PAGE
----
"The Rocky Mountain grizzly bear population is in trouble. In the entire continental US, there are only little over 1000 grizzlies left. The species is at risk, especially considering that the number of breeding females producing young, has greatly diminished. Often female bears with young are pushed into marginal habitat by bigger bears, and end up close to settlements and highways, where they are more vulnerable.

Once roaming the forests and prairies over vast regions of North America, the grizzly was pushed back until its only refuge were the Rockies. Today, four-lane- superhighways , country roads, ATV trails and open-pit mines cut through its last remaining habitat.

This picture was taken in a hectic moment of confusion, blurred like a split second of shock. It represents for me the situation of a magnificent animal, that has become a refugee in its own kingdom".


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Highly Honored in the category "Art in Nature" by the Nature's Best Photography Awards 2004.

As the sun was setting over the Namib Dunes, Florian was looking for abstract forms. "I was seeking the interplay of light and shadow" he says.

As the dunes caught the last light, he found his shot. "The low light brought out the contours of the ripples in the sand, so I used my telephoto lens to show this endless sea of lines. The air was silent and still- except for a gently blowing breeze".


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GENTLE LION - Kalahari National Park.

Highly Honored in the category "Wildlife", Nature's Best Photography Awards 2001.

With the heavy spring rains, the grasslands of the Kalahari transform into a sea of tall, dense vegetation. These means food for herbivores like the zebra, springbok and oryx, but makes it difficult to see the savannah's great predators, which disappear completely in the high grass.

On an evening drive, however, Florian's brother Immanuel, caught up a glimpse of this reclining male lion. With the last rays of the evening sun in the cat's eyes, Florian composed this kingly portrait.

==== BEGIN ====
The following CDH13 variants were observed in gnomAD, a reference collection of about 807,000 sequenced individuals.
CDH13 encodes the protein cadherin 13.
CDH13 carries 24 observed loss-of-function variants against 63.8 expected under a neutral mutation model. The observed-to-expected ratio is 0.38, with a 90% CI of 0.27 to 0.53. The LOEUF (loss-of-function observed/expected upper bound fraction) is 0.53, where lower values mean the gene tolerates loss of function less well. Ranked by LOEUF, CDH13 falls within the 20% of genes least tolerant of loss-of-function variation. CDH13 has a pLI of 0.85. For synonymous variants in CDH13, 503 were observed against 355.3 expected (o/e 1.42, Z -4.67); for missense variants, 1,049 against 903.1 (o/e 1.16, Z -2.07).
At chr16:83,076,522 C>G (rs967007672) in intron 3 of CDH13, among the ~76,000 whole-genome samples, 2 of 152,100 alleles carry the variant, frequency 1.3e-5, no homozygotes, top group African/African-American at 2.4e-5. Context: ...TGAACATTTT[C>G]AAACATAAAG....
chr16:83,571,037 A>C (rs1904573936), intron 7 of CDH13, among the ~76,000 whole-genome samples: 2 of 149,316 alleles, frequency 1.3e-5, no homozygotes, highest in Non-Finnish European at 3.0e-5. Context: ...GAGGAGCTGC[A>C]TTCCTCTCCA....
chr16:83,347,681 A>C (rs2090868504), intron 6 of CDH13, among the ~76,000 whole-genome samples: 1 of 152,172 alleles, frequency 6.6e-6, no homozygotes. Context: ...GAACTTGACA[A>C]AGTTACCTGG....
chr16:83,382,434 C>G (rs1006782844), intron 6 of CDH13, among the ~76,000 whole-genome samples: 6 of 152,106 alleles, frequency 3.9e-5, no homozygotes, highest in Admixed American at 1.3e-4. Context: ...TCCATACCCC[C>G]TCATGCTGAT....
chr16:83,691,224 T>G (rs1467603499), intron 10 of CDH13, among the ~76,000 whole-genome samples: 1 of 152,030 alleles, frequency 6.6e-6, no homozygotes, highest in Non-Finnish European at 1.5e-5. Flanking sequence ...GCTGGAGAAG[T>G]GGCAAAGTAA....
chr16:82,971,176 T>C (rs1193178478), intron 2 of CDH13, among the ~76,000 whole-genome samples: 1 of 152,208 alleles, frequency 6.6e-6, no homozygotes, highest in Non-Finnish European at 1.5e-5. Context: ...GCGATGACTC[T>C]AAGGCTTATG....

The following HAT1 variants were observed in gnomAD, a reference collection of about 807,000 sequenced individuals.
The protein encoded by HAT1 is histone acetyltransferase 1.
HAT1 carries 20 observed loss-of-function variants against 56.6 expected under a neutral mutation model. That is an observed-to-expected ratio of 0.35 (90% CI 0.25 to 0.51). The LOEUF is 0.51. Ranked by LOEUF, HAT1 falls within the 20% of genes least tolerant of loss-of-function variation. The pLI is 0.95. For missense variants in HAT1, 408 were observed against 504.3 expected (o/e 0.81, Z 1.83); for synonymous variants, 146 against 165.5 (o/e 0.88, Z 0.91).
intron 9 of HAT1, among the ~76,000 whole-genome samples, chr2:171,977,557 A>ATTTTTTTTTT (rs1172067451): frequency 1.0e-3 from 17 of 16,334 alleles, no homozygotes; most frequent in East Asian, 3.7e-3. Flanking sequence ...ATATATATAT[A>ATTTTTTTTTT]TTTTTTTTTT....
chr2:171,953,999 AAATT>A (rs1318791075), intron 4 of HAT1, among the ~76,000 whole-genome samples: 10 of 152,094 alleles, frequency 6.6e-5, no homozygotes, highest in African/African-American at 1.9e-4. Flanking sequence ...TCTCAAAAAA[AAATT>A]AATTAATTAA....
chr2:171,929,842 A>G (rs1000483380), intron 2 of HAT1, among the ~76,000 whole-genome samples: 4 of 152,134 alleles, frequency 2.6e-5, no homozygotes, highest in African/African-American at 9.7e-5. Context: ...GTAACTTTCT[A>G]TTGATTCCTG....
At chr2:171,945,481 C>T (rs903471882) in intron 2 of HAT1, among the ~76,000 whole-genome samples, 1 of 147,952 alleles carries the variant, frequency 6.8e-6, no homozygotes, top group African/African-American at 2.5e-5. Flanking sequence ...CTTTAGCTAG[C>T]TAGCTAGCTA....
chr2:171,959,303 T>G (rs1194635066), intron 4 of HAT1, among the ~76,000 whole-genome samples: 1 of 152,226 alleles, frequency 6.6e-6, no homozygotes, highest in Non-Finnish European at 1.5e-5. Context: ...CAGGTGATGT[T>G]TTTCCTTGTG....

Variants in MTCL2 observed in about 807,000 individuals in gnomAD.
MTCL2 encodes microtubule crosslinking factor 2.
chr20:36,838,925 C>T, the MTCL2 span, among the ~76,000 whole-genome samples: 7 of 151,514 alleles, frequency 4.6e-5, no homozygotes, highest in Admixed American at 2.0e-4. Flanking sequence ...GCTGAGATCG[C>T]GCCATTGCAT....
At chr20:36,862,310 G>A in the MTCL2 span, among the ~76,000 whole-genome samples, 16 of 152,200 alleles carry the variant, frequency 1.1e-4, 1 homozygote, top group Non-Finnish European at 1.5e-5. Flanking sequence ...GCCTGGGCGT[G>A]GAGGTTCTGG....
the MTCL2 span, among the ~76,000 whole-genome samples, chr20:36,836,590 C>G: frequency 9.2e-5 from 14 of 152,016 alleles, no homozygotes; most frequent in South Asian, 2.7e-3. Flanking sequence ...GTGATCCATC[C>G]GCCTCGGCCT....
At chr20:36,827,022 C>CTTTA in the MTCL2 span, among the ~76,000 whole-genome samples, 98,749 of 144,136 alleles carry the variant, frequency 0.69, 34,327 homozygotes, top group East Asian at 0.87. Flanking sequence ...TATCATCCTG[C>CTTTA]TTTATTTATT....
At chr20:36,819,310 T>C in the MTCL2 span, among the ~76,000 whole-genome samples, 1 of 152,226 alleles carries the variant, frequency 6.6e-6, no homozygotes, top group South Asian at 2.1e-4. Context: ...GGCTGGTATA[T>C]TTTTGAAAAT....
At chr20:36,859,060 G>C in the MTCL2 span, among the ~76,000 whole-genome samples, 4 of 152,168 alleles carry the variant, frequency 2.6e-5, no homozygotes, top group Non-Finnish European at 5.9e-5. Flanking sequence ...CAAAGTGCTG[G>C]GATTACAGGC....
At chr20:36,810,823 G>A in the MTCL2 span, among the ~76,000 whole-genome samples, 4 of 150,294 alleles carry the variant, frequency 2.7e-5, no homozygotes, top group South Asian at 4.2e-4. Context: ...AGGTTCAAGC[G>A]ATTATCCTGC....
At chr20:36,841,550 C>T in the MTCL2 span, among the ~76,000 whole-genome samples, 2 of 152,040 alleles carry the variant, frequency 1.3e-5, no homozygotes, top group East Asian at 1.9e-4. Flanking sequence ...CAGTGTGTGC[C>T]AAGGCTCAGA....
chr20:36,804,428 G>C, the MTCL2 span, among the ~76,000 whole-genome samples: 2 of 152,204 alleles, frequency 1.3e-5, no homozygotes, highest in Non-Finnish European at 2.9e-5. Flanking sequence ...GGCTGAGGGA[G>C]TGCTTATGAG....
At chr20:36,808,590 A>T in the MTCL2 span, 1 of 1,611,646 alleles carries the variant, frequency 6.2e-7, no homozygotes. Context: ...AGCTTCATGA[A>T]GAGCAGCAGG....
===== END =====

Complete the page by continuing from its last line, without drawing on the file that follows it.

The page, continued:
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Highly Honored in the category "Landscapes", Nature's Best 2001. 

Some of the world's highest dunes can be found in the vast expanse of the Namib. Reaching nearly a thousand feet, the majestic dunes glow red because of the high level of iron in the sand.

Florian found himself retreating from a storm that deposited sand throughout his car, his clothes, his camera bag and his equipment. However, when the storm subsided, he was met by this reformed dune-scape, its windblown patterns flawless and untouched.


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AFTER THE STORM - Glacier National Park.

Highly Commended by the BBC Wildlife Photographer of the Year 1999 competition in the category "Wild Places".

"While photographing black bears in Glacier National Park, in mid-September, I was caught in a thunderstorm. Lighting tore furiously the dark sky, but shortly after the sun broke through the clouds. A rainbow appeared as though to bring peace. I only had few moments, to capture the mood. Then the light was gone."


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SECRETARY BIRDS - Etosha National Park.

Highly Commended by the BBC Wildlife Photographer of the Year 1999 competition in the category "Behavior Birds".

"One early morning in Etosha National Park, my brother and I saw the same pair of secretary birds hunting side-by-side in the grasslands, searching for insects and snakes to eat. One morning though, we realized that the birds weren't hunting: they were gathering small twigs and leaves. As soon as they had a beakfull each, they flew up together to the crown of a nearby torn tree, the thin branches bending under their weight.

Then with wings outstretched for balance, they bounced slowly up and down, dancing gracefully around one another as they wove their nest."